In this Thursday, Feb. 6, 2014 photo, Ron McKenzie holds a prayer program titled “Love Conquers Fear” following a service at the First United Methodist Church in Fremont, Neb. The service was held ahead of a special election on Tuesday, Feb. 11, to decide whether to drop housing restrictions against illegal immigrants, as had been approved by Fremont voters in the 2010 elections. The city leaders scheduled the special election because of concerns the housing restrictions could cost them millions in federal grants and lead to more lawsuits against the city. (AP Photo/Nati Harnik)
FREMONT, Neb. (AP) — Almost four years after a small Nebraska city tried to crack down on illegal immigration, the town is having second thoughts about requiring all renters to swear that they have legal permission to be in the United States.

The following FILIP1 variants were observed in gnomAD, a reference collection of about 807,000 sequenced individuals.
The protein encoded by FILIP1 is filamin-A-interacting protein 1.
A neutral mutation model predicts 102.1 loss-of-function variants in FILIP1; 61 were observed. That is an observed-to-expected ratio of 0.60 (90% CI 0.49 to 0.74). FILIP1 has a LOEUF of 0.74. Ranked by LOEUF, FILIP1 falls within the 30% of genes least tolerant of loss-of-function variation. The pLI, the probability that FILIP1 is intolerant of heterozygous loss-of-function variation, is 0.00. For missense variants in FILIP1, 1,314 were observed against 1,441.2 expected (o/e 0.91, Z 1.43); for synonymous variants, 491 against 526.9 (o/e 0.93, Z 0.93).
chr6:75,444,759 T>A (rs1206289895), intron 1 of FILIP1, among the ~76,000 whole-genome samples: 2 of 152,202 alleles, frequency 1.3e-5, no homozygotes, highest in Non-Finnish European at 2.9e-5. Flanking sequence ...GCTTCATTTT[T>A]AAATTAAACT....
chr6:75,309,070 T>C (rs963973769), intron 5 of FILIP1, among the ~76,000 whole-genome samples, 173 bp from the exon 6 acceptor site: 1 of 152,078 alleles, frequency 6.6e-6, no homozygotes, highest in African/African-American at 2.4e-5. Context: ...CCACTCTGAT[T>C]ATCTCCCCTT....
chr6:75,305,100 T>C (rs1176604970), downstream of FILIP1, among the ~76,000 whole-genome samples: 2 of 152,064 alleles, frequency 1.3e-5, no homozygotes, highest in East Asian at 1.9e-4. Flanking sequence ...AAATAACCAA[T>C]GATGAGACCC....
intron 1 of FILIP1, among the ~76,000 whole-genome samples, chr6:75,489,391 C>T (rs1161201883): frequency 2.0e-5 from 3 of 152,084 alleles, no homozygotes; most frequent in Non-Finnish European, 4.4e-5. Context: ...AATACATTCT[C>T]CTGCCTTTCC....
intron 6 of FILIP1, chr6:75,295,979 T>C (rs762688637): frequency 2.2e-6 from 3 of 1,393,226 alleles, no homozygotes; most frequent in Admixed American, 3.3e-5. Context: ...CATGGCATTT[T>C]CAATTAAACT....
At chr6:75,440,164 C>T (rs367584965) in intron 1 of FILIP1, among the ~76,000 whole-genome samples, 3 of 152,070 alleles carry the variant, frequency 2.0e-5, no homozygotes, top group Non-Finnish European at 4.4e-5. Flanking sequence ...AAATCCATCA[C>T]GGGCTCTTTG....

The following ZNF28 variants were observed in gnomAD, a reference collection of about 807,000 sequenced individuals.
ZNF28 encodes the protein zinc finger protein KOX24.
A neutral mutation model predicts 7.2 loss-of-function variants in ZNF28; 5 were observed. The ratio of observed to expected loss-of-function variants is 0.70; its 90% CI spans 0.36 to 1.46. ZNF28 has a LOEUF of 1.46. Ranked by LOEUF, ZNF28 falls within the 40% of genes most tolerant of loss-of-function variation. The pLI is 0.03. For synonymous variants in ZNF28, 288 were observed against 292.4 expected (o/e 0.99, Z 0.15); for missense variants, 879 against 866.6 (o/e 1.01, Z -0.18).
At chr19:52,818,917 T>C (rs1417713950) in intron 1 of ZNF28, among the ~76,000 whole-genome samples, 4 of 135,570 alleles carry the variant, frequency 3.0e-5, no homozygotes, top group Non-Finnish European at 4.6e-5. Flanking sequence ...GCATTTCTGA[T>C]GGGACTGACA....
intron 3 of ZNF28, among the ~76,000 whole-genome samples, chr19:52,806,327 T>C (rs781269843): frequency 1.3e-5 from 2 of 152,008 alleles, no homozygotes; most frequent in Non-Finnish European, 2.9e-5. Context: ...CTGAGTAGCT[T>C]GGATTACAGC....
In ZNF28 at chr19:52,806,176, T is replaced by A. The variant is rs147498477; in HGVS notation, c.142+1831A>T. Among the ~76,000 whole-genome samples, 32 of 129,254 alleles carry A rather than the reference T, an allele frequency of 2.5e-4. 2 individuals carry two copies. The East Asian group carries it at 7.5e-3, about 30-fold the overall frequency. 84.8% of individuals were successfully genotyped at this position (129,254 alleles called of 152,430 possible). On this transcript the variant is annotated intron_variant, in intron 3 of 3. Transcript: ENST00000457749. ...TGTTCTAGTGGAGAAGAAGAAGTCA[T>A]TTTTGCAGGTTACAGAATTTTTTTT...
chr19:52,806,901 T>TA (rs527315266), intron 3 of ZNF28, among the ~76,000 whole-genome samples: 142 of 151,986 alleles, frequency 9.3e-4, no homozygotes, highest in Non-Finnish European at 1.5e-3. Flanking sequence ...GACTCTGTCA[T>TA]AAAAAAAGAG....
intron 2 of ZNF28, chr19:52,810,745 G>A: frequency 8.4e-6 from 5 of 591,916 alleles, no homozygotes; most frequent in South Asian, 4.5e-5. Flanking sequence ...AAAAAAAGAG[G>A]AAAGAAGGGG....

In an election Tuesday, voters in Fremont will have a chance to repeal the housing restrictions, which critics say are less effective and more costly than anyone expected and damaging to the city’s image.
This conservative agricultural hub near Omaha, population 26,000, was one of a handful of cities that have acted on their own over the last decade to curb illegal immigration. Most of those efforts have become mired in costly court battles.
The same is true in Fremont, where the regulations were adopted in 2010 but put on hold while courts reviewed the law. The 8th U.S. Circuit Court of Appeals upheld most of the ordinance in 2013, and the city was getting ready to enforce the housing restrictions for the first time last fall when elected officials Login to read more